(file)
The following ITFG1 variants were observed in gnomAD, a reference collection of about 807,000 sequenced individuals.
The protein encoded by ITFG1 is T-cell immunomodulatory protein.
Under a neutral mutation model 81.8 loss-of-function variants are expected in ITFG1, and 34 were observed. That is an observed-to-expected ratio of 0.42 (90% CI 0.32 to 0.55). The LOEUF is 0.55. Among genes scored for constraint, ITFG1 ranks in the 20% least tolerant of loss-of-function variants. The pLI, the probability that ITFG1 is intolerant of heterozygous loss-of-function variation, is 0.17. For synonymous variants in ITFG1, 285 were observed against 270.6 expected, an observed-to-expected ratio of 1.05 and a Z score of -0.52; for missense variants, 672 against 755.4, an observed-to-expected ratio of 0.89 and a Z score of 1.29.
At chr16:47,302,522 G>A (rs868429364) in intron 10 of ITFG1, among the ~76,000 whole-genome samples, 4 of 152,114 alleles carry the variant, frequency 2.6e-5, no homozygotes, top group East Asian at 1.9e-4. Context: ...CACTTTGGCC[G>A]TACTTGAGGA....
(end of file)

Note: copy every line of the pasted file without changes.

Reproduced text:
The following ITFG1 variants were observed in gnomAD, a reference collection of about 807,000 sequenced individuals.
The protein encoded by ITFG1 is T-cell immunomodulatory protein.
Under a neutral mutation model 81.8 loss-of-function variants are expected in ITFG1, and 34 were observed. That is an observed-to-expected ratio of 0.42 (90% CI 0.32 to 0.55). The LOEUF is 0.55. Among genes scored for constraint, ITFG1 ranks in the 20% least tolerant of loss-of-function variants. The pLI, the probability that ITFG1 is intolerant of heterozygous loss-of-function variation, is 0.17. For synonymous variants in ITFG1, 285 were observed against 270.6 expected, an observed-to-expected ratio of 1.05 and a Z score of -0.52; for missense variants, 672 against 755.4, an observed-to-expected ratio of 0.89 and a Z score of 1.29.
At chr16:47,302,522 G>A (rs868429364) in intron 10 of ITFG1, among the ~76,000 whole-genome samples, 4 of 152,114 alleles carry the variant, frequency 2.6e-5, no homozygotes, top group East Asian at 1.9e-4. Context: ...CACTTTGGCC[G>A]TACTTGAGGA....